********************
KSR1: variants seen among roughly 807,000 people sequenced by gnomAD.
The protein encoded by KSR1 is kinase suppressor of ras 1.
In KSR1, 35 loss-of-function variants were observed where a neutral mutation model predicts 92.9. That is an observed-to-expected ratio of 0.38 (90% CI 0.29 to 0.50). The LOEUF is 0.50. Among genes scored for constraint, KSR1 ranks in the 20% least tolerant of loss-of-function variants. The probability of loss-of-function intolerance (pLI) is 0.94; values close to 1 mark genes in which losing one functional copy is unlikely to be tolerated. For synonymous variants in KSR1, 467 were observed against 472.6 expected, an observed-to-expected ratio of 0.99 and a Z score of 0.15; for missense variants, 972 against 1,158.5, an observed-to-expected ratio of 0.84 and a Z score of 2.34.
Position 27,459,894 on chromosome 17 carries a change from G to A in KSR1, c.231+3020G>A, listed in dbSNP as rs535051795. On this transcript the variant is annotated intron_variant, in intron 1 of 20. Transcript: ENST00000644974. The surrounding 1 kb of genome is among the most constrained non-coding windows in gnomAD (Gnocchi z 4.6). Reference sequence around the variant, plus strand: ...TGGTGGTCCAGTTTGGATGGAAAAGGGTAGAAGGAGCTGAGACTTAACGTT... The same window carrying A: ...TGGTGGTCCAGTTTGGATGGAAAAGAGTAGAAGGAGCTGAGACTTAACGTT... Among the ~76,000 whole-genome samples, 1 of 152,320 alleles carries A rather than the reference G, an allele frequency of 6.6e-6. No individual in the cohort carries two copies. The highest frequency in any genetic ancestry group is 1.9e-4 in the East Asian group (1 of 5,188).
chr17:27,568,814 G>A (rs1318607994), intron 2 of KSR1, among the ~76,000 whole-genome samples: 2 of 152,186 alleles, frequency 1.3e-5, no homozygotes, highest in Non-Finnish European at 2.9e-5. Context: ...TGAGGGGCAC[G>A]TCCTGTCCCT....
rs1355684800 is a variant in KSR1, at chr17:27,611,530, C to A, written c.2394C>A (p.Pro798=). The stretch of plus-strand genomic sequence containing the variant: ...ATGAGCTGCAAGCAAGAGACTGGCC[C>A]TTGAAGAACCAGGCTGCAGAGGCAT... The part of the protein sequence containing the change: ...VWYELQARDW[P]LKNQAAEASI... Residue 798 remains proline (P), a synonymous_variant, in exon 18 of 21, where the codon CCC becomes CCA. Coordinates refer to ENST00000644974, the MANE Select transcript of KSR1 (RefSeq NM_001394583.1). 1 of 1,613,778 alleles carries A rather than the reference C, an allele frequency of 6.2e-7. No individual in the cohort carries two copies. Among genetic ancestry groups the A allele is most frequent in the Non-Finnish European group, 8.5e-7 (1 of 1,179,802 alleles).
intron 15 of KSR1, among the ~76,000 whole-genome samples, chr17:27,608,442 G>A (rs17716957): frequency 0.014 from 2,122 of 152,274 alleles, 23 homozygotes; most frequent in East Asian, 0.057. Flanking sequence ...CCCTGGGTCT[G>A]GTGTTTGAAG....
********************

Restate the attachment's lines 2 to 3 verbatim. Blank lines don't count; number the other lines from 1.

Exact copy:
The protein encoded by KSR1 is kinase suppressor of ras 1.
In KSR1, 35 loss-of-function variants were observed where a neutral mutation model predicts 92.9. That is an observed-to-expected ratio of 0.38 (90% CI 0.29 to 0.50). The LOEUF is 0.50. Among genes scored for constraint, KSR1 ranks in the 20% least tolerant of loss-of-function variants. The probability of loss-of-function intolerance (pLI) is 0.94; values close to 1 mark genes in which losing one functional copy is unlikely to be tolerated. For synonymous variants in KSR1, 467 were observed against 472.6 expected, an observed-to-expected ratio of 0.99 and a Z score of 0.15; for missense variants, 972 against 1,158.5, an observed-to-expected ratio of 0.84 and a Z score of 2.34.